By Noah Hubbell
By Kiernan Maletsky
By Tom Murphy
By Noah Hubbell
By Alex Distefano
By Darryl Smyers
By Jon Solomon
By Britt Chester
DJ Vadim takes pride in exporting the revolutionary idea that hip-hop knows no borders. Like a musical Karl Marx, the British turntablist gained his street knowledge from the polyglot culture of London, where a new vanguard of B-boys breakdance and play music in the city's subterranean Tube system and its sprawling rap underground. Once he nailed his style, Vadim got moving.
"There is hip-hop everywhere," he says. "You could do shows in Pakistan, India, Sri Lanka. It's really a question of where there isn't hip-hop. You could go to the deepest parts of Siberia, the jungles of Africa and into the most deprived areas of South Africa and Indonesia and still find hip-hop and people who love it just as much as people living in Brooklyn."
Vadim's latest record, U.S.S.R.: The Art of Listening, supports his theory. It's a fifteen-track tour through hip-hop's global village that exposes Stateside audiences to killer rap rhyme-slayers from the United Kingdom (Phi Life Cypher, Yarah Bravo), France (TTC) and Spain (Mucho Mu), as well as to North American voices both familiar and unknown. Motion Man, Vakill, Blackalicious's Gift of Gab and Slug all make appearances alongside artists from more far-flung locales.
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"It's an extremely international lineup," Vadim says from London. "I worked with musicians from Mozambique, Nigeria, Morocco, Israel, India, Japan, Brazil, Cuba, the United States, Canada, Sweden, France, Germany, Spain, Poland and the U.K.
"When I first started, if I was told that I was going to work with all the people that eventually ended up on the album, I wouldn't have believed it," he continues. "The people on there helped me on my soundscape: You can go out and buy a Miles Davis album -- you've got other people on there playing drums or double bass, but it will still be a Miles Davis album. Likewise, I've enrolled people to help me in my quest to get my DJ Vadim album. The whole album is like a little seed, and it grew into a tree."
The growth was spurred by Vadim's involvement with Around the World in Eight Relays, a celebrated BBC radio program that aired in 2001. As a correspondent for the show, he traveled to various countries to interview and collaborate with local musicians.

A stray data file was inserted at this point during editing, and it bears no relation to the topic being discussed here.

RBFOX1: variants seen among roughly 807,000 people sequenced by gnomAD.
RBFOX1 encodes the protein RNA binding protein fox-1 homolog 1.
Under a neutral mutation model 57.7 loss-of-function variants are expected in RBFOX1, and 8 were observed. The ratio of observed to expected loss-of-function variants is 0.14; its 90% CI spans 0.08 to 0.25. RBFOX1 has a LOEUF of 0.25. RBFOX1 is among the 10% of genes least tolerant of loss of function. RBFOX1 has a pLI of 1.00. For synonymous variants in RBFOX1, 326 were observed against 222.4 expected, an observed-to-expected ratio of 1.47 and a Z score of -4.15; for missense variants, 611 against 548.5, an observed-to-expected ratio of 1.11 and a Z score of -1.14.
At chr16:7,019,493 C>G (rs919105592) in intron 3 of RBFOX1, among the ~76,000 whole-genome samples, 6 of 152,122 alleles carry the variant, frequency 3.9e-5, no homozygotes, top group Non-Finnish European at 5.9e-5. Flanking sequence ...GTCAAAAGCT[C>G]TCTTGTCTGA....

"We'd talk about the history of their instruments. We went to Burkina Faso, Morocco, Mozambique, India, Japan, Brazil, New York," Vadim says of the project, which inspired him to expand his sonic arsenal. "I don't often go around and just get African drummers at my house. I had never worked with African drummers. So it's crazy when you meet these people and they're so talented. People like that, that I met on that program, ended up being on the album. We've got loads of people playing different things, from people playing thump piano to the Japanese shakuhachi flute to rapping to singing. It's all kinds of different elements thrown into the pot."
Though Vadim relied primarily on sampling in his previous work -- which leaned toward ambient breakbeats as much as rap -- he utilized live instrumentation on U.S.S.R.: The Art of Listening, a project that took him three years to craft. The collection's standout tracks include "That Which Is Coming," highlighted by Indian-style violin playing, and "She Who Is Tested," which features cello. Interesting collaborations abound in the gumbo, including the pairing of British beatbox master Killa Kela with Polish songstress Urszula Dudziak, whose ethereal vocal phrasings color "Revelations Well Expounded": Think of a down-tempo, jazzy Stereolab with Scratch from the Roots working the beats and Fred Wesley and Maceo Parker supplying the horns.
Despite the wide array of guest artists that appear on The Art of Listening, Vadim is its real creative force. The record illuminates the importance of the producer in hip-hop. "People talk about the four elements of hip-hop being breaking, graffiti, deejaying and emceeing," he says. "When people say producing isn't an element, is that saying DJ Premier isn't an element of hip-hop, or Alchemist, Dre or the Neptunes? For me, production is very much an art form."
While in the lab, Vadim works to differentiate himself from hack knob-twisters. He doesn't do loops, and you won't hear the hip sample of the moment popping up in his tracks (as you might with, say, Mariah or Cam'ron, both of whom recently used the same Rose Royce samples for their hip-pop hits). When digging through the crates, Vadim goes for the cuts that he knows others won't touch. No David Axelrod. No Roy Ayers. No P-Funk.
"You can't still be sampling Parliament in 2003. That was done to death by Dr. Dre ten years ago," Vadim says, laughing. "I look for the crates that people don't look in. I look in the cheapie bargain bin, the spoken-word bins, at children's records, novelty records, crappy 1940s easy-listening records. I'm just trying to find samples that other people aren't using. That's why when you hear a DJ Vadim album, you're not going to hear the same sample on fifteen other records that have been out that month."
When Vadim does score a sample -- be it West African drummers or a musician busking in the Tube playing a didjeridoo -- he slices it beyond recognition. "It doesn't matter if I take it from a record or if I have musicians in the studio. I chop sounds up and put them in the mix," he says. "I really try and sample into the smallest fragments of notes. There might be over a hundred samples -- plus live bits on there, as well -- on just one track, which is a lot of stuff."